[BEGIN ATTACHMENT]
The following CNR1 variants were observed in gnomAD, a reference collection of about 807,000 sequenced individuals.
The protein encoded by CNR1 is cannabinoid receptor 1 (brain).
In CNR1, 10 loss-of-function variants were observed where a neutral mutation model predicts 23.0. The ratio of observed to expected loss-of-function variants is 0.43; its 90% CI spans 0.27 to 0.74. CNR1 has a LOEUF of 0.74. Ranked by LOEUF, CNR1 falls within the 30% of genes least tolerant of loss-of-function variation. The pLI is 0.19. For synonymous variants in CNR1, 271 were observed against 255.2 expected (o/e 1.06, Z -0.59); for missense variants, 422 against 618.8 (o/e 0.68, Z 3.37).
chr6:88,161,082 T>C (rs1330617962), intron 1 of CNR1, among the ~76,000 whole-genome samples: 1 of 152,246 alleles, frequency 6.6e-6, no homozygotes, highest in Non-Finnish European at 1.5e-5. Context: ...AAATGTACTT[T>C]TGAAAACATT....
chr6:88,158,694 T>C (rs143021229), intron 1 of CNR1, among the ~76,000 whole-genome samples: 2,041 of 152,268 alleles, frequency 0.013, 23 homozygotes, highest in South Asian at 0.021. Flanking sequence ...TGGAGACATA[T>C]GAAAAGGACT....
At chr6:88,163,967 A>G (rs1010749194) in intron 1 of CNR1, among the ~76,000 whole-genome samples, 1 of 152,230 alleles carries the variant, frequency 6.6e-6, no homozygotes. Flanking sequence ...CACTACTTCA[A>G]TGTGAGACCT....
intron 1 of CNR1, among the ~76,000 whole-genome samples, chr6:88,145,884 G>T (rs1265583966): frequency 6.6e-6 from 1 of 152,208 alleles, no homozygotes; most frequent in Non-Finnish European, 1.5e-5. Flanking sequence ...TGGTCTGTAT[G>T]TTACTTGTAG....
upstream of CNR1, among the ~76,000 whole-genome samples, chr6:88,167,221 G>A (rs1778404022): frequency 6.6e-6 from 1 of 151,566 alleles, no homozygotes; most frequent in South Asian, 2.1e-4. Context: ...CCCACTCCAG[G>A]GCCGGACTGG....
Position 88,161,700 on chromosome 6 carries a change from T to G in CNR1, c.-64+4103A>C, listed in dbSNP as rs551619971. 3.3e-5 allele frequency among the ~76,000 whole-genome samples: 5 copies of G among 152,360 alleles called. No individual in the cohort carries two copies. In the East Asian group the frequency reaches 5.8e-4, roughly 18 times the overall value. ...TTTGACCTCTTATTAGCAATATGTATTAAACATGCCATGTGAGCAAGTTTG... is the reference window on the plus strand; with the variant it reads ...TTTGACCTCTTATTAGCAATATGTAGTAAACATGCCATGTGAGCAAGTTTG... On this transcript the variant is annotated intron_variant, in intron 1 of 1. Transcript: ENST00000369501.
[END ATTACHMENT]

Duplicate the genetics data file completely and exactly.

The following CNR1 variants were observed in gnomAD, a reference collection of about 807,000 sequenced individuals.
The protein encoded by CNR1 is cannabinoid receptor 1 (brain).
In CNR1, 10 loss-of-function variants were observed where a neutral mutation model predicts 23.0. The ratio of observed to expected loss-of-function variants is 0.43; its 90% CI spans 0.27 to 0.74. CNR1 has a LOEUF of 0.74. Ranked by LOEUF, CNR1 falls within the 30% of genes least tolerant of loss-of-function variation. The pLI is 0.19. For synonymous variants in CNR1, 271 were observed against 255.2 expected (o/e 1.06, Z -0.59); for missense variants, 422 against 618.8 (o/e 0.68, Z 3.37).
chr6:88,161,082 T>C (rs1330617962), intron 1 of CNR1, among the ~76,000 whole-genome samples: 1 of 152,246 alleles, frequency 6.6e-6, no homozygotes, highest in Non-Finnish European at 1.5e-5. Context: ...AAATGTACTT[T>C]TGAAAACATT....
chr6:88,158,694 T>C (rs143021229), intron 1 of CNR1, among the ~76,000 whole-genome samples: 2,041 of 152,268 alleles, frequency 0.013, 23 homozygotes, highest in South Asian at 0.021. Flanking sequence ...TGGAGACATA[T>C]GAAAAGGACT....
At chr6:88,163,967 A>G (rs1010749194) in intron 1 of CNR1, among the ~76,000 whole-genome samples, 1 of 152,230 alleles carries the variant, frequency 6.6e-6, no homozygotes. Flanking sequence ...CACTACTTCA[A>G]TGTGAGACCT....
intron 1 of CNR1, among the ~76,000 whole-genome samples, chr6:88,145,884 G>T (rs1265583966): frequency 6.6e-6 from 1 of 152,208 alleles, no homozygotes; most frequent in Non-Finnish European, 1.5e-5. Flanking sequence ...TGGTCTGTAT[G>T]TTACTTGTAG....
upstream of CNR1, among the ~76,000 whole-genome samples, chr6:88,167,221 G>A (rs1778404022): frequency 6.6e-6 from 1 of 151,566 alleles, no homozygotes; most frequent in South Asian, 2.1e-4. Context: ...CCCACTCCAG[G>A]GCCGGACTGG....
Position 88,161,700 on chromosome 6 carries a change from T to G in CNR1, c.-64+4103A>C, listed in dbSNP as rs551619971. 3.3e-5 allele frequency among the ~76,000 whole-genome samples: 5 copies of G among 152,360 alleles called. No individual in the cohort carries two copies. In the East Asian group the frequency reaches 5.8e-4, roughly 18 times the overall value. ...TTTGACCTCTTATTAGCAATATGTATTAAACATGCCATGTGAGCAAGTTTG... is the reference window on the plus strand; with the variant it reads ...TTTGACCTCTTATTAGCAATATGTAGTAAACATGCCATGTGAGCAAGTTTG... On this transcript the variant is annotated intron_variant, in intron 1 of 1. Transcript: ENST00000369501.